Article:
Third, I think he will sleep better once he actually understands what things are actually finite. If they do put in a “specific strategy” to get the Budget back into surplus then they don’t understand much at all about national accounting and the role that the Budget plays in a modern monetary economy such as Australia. If you want the non-government sector to save then $-for-$ the sovereign government’s budget has to be deficit. That is a matter of national accounting.
- undermine an economy’s capacity to grow with reasonable private debt levels.
- increase the spending gap (fiscal drag).
- mean that the private sector has less to spend than otherwise.
- mean less private employment.
- mean less public employment.
- mean less public infrastructure investment.
- mean less education and training provided.
- mean less public services.
- mean less scope for income support.
A return to budget surplus is not something the Australian government should be aiming to achieve any time soon.
A simple budget game!
Here is an example to help you think about all of this economic jargon. The concepts are simple and the numbers are small which makes it easy to understand and relate to (thanks to Warren Mosler for the original idea for this heuristic).
Imagine the economy is my household which is comprised of me (the parent) and you (the kid)! As the parent I assume the role of “government” and you thus comprise the non-government (private) sector. As the government I decree that I will offer 100 of my business cards per week, if you agree to tend the garden on a weekly basis. These are the cards I exchange at meetings with business associates outside of the household. They are normal size rectangles of cardboard.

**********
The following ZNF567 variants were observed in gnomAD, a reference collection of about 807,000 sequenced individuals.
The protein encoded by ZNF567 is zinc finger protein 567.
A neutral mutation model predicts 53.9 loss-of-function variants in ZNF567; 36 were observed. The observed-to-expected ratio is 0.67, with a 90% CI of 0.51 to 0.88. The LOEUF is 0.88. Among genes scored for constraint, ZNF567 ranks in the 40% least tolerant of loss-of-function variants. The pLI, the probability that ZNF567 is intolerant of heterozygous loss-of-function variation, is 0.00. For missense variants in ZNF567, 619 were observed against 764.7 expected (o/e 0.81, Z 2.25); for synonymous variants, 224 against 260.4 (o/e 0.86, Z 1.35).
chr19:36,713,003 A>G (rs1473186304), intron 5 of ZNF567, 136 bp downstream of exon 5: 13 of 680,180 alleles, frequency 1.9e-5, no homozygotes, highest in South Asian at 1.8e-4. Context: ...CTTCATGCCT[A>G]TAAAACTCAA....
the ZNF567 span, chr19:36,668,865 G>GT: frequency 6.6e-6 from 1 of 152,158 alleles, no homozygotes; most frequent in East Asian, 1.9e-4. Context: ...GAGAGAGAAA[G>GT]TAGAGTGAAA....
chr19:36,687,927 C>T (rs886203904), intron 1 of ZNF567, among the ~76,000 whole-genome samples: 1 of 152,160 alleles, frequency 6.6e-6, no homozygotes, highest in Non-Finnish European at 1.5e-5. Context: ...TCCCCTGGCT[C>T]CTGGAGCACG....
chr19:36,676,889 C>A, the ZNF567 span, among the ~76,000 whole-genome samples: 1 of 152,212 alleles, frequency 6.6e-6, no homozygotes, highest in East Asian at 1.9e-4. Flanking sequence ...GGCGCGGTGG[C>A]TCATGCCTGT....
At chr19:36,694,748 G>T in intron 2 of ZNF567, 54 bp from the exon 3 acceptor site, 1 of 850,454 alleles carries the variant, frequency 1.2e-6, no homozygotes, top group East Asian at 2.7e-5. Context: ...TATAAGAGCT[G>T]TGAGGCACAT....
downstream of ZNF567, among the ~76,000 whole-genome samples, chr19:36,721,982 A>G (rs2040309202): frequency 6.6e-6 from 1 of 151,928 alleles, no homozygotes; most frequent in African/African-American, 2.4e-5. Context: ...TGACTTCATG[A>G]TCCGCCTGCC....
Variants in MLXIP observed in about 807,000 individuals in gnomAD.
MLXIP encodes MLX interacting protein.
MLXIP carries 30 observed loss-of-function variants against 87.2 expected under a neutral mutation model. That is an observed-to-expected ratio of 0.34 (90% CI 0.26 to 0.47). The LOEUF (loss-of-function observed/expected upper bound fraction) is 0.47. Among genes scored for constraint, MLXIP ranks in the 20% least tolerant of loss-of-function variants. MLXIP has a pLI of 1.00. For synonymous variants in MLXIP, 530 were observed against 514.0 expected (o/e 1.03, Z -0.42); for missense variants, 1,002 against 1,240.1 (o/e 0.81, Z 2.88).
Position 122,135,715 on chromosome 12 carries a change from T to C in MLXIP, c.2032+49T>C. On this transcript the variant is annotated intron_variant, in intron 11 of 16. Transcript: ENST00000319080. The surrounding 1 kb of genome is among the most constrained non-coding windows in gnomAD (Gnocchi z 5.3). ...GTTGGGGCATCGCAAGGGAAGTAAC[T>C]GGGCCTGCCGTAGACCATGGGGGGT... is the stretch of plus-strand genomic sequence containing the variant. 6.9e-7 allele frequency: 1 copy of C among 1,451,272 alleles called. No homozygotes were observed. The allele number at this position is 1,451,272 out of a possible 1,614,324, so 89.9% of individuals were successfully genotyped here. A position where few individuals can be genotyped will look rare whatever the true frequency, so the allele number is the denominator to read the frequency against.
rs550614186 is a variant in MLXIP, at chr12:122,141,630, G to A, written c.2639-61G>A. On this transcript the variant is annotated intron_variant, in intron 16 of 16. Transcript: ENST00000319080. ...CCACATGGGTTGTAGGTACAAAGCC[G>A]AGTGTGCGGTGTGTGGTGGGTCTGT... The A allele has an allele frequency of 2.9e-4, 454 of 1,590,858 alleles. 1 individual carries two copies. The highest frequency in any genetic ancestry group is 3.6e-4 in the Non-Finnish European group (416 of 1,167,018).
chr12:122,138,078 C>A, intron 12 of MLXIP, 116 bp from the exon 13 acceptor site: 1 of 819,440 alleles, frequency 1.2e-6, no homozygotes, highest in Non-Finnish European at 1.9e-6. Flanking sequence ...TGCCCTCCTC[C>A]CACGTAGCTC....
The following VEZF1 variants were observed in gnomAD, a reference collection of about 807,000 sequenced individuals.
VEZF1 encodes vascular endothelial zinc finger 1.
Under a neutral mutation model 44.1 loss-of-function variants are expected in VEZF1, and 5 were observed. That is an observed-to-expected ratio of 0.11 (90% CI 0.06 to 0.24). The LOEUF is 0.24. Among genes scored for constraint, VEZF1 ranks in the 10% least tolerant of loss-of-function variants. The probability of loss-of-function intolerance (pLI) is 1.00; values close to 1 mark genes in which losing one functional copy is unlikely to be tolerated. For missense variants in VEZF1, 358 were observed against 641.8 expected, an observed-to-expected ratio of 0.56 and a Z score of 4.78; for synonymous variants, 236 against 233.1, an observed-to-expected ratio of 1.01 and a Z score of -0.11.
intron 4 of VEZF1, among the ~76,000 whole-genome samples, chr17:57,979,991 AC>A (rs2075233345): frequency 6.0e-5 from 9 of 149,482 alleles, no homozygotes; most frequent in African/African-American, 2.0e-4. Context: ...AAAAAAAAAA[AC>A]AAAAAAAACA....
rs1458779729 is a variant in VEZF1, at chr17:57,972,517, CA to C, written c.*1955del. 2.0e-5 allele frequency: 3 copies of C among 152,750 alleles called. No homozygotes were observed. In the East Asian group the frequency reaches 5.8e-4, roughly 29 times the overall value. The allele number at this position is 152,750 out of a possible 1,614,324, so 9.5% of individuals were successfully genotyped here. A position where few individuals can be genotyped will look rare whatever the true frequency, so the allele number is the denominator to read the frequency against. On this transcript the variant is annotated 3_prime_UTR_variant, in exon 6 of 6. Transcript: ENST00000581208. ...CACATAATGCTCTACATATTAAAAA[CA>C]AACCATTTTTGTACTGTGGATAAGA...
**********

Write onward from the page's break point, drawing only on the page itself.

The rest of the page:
You say, naturally: “Why would I want your worthless business cards?”
I reply (reflecting my knowledge of how modern monetary systems like the household work): “because to stay living in the house I expect 100 business cards a week to be paid in taxes”.
You say: “when do I start work!”
Immediately, by imposing tax obligations in the currency of issue (the business cards) I have created a demand for the currency and this allows me to transfer private resources (your work in the garden) to the public sector (the nice garden). However, also note that I have to spend the 100 cards each week before you can pay the tax of 100 cards – which clearly means that the taxation can never be considered a source of revenue which “finances” or allows me to spend the cards in the first place. The cards come from no-where and I have the monopoly rights to spend them. I am never financially constrained in my own business cards (the currency).